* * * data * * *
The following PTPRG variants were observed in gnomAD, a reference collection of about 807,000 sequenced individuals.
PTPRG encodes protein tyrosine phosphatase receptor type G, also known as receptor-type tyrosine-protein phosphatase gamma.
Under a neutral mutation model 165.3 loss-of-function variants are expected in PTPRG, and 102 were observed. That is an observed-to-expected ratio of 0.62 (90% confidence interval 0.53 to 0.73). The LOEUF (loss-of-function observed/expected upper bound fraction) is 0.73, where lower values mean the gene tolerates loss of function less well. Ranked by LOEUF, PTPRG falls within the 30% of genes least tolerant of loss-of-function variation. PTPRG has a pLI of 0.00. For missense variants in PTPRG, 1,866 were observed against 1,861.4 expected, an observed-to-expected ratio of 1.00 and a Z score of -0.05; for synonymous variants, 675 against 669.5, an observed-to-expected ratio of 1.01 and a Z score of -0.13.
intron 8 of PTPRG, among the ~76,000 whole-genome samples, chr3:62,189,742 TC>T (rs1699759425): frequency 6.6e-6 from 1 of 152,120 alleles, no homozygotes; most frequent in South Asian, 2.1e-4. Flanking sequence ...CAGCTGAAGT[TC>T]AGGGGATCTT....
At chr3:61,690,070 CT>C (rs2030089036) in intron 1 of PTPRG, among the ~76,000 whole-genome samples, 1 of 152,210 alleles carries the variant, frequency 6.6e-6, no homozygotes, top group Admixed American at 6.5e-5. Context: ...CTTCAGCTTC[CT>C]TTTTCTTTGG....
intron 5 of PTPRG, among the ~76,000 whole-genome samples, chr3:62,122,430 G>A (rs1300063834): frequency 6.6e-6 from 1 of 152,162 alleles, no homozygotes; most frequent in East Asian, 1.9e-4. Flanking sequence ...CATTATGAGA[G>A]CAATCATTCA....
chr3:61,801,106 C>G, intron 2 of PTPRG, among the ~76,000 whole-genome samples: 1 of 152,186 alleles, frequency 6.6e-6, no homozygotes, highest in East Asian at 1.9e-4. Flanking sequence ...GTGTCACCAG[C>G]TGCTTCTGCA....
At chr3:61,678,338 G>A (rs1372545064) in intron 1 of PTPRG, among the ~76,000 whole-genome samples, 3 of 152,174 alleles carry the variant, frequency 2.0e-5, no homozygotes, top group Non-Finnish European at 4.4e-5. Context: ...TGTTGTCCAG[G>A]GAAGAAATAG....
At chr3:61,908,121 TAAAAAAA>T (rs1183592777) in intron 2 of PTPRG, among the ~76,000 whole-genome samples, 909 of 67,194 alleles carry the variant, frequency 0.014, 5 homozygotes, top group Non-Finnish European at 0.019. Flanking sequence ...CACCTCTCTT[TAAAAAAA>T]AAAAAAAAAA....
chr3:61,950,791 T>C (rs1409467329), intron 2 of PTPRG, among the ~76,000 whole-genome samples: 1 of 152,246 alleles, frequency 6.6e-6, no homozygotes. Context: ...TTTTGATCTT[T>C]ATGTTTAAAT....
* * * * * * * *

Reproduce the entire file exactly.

The following PTPRG variants were observed in gnomAD, a reference collection of about 807,000 sequenced individuals.
PTPRG encodes protein tyrosine phosphatase receptor type G, also known as receptor-type tyrosine-protein phosphatase gamma.
Under a neutral mutation model 165.3 loss-of-function variants are expected in PTPRG, and 102 were observed. That is an observed-to-expected ratio of 0.62 (90% confidence interval 0.53 to 0.73). The LOEUF (loss-of-function observed/expected upper bound fraction) is 0.73, where lower values mean the gene tolerates loss of function less well. Ranked by LOEUF, PTPRG falls within the 30% of genes least tolerant of loss-of-function variation. PTPRG has a pLI of 0.00. For missense variants in PTPRG, 1,866 were observed against 1,861.4 expected, an observed-to-expected ratio of 1.00 and a Z score of -0.05; for synonymous variants, 675 against 669.5, an observed-to-expected ratio of 1.01 and a Z score of -0.13.
intron 8 of PTPRG, among the ~76,000 whole-genome samples, chr3:62,189,742 TC>T (rs1699759425): frequency 6.6e-6 from 1 of 152,120 alleles, no homozygotes; most frequent in South Asian, 2.1e-4. Flanking sequence ...CAGCTGAAGT[TC>T]AGGGGATCTT....
At chr3:61,690,070 CT>C (rs2030089036) in intron 1 of PTPRG, among the ~76,000 whole-genome samples, 1 of 152,210 alleles carries the variant, frequency 6.6e-6, no homozygotes, top group Admixed American at 6.5e-5. Context: ...CTTCAGCTTC[CT>C]TTTTCTTTGG....
intron 5 of PTPRG, among the ~76,000 whole-genome samples, chr3:62,122,430 G>A (rs1300063834): frequency 6.6e-6 from 1 of 152,162 alleles, no homozygotes; most frequent in East Asian, 1.9e-4. Flanking sequence ...CATTATGAGA[G>A]CAATCATTCA....
chr3:61,801,106 C>G, intron 2 of PTPRG, among the ~76,000 whole-genome samples: 1 of 152,186 alleles, frequency 6.6e-6, no homozygotes, highest in East Asian at 1.9e-4. Flanking sequence ...GTGTCACCAG[C>G]TGCTTCTGCA....
At chr3:61,678,338 G>A (rs1372545064) in intron 1 of PTPRG, among the ~76,000 whole-genome samples, 3 of 152,174 alleles carry the variant, frequency 2.0e-5, no homozygotes, top group Non-Finnish European at 4.4e-5. Context: ...TGTTGTCCAG[G>A]GAAGAAATAG....
At chr3:61,908,121 TAAAAAAA>T (rs1183592777) in intron 2 of PTPRG, among the ~76,000 whole-genome samples, 909 of 67,194 alleles carry the variant, frequency 0.014, 5 homozygotes, top group Non-Finnish European at 0.019. Flanking sequence ...CACCTCTCTT[TAAAAAAA>T]AAAAAAAAAA....
chr3:61,950,791 T>C (rs1409467329), intron 2 of PTPRG, among the ~76,000 whole-genome samples: 1 of 152,246 alleles, frequency 6.6e-6, no homozygotes. Context: ...TTTTGATCTT[T>C]ATGTTTAAAT....